A lawyer for Rep. Joe Sestak, attesting to the Senate candidate’s pro-Israel bona fides, wrote that Sestak had “put his life on the line to defend Israel” during his years in the Navy. The letter, an unsuccessful attempt to persuade Comcast not to air an attack ad from the Emergency Committee for Israel, aggressively makes Sestak’s case on several fronts, but the suggestion that his naval service* in was performed “to defend Israel” is rarely heard outside conspiracy circles.

“Congressman Joe Sestak is the only candidate in the U.S. Senate race who (as an officer of the Navy) was willing to put his life on the line to defend Israel,” Sestak lawyer Jared Solomon wrote Comcast. “It is offensive and outrageous to suggest that he does not stand with Israel.”

Solomon’s letter, obtained by POLITICO,  challenges several other portions of the attack ad, including a claim that he’d helped fundraise for the Council on American Islamic Relations (his appearance was at “a portion of the event explicitly free of fundraising”) and that the group had been called a Hamas “front group” (“the characterization came a year after the CAIR event”).

This is a bizarre and telling move by Sestak on a number of grounds. First, is Sestak saying that he was in mortal peril as commander of a  naval battle group? Sensing that this is a gross exaggeration, his spokesman piped up with a “clarification”:

Sestak spokesman Jonathan Dworkin says the reference was not to any specific conflict, but to a series of operations with the Israeli Military, including a deployment in 2003 to help protect Israel from Iraqi missiles. “There is no suggestion that he served in the Navy for the purpose of defending Israel, only that he was involved in situations with the Israeli military and while serving the United States, he was willing to lay his life on the line in defense of our ally, Israel,” he writes.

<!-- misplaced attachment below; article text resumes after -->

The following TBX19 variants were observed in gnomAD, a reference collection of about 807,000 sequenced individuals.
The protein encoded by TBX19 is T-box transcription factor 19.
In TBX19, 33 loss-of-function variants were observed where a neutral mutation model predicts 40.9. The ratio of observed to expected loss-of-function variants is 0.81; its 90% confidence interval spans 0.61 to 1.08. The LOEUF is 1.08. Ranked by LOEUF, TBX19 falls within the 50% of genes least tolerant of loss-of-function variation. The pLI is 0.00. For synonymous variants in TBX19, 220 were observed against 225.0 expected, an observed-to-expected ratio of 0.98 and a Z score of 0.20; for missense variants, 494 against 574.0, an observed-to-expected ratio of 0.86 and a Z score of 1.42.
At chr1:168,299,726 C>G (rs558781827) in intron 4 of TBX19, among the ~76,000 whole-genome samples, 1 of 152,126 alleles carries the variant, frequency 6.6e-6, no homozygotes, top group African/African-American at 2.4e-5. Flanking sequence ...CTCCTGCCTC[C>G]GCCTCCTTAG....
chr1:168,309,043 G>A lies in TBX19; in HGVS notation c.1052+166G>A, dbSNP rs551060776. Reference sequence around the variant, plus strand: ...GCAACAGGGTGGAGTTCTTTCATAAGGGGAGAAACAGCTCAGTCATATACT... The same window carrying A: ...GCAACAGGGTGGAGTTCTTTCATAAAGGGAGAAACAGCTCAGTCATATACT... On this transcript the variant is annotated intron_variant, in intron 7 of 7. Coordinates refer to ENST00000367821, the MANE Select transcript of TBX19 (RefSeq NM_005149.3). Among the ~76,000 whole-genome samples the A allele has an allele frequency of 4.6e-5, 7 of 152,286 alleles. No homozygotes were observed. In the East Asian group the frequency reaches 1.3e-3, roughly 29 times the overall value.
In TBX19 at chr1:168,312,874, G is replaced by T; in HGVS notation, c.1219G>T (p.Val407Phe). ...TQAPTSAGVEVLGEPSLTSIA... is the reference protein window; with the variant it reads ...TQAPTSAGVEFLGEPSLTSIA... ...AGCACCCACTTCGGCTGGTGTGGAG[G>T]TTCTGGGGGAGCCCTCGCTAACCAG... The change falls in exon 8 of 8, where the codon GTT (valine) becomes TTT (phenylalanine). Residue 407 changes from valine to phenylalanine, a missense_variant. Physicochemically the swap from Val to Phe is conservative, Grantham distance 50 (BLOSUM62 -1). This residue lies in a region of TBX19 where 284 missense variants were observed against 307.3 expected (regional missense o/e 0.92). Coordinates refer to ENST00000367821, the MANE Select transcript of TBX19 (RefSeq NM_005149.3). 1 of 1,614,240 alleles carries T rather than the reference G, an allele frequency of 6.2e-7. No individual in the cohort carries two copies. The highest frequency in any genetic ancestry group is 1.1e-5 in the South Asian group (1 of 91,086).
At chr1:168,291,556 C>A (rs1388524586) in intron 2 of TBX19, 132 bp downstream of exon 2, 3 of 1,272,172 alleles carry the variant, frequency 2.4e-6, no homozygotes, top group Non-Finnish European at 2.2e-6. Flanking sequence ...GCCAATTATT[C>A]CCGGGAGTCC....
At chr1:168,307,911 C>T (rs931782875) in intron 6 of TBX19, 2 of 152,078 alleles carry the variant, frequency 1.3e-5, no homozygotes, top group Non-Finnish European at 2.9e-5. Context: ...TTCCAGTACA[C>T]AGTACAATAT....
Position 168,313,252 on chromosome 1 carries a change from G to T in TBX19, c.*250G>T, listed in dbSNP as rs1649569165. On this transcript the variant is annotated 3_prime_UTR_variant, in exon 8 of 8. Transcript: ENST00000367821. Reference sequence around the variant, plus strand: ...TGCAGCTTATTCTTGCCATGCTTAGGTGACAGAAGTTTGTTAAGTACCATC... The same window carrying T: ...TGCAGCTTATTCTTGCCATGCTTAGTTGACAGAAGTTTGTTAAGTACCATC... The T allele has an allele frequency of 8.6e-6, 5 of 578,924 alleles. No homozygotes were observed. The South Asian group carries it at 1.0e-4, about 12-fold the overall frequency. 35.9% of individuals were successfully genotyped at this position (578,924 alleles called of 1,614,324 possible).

Any military service, in my book, should be commended, but we’ve had enough of puffery lately about military credentials and it sure wasn’t the case that he was crawling on his belly through Gaza to protect the Jewish state. But, frankly, it’s hard to tell precisely what he did, because Sestak has refused to release his military records. If they show that he in fact risked life and limb for Israel and put to rest the controversy as to whether he was relieved of command — or told to resign (for creating a “poor command climate”) — why isn’t he putting out his Navy records?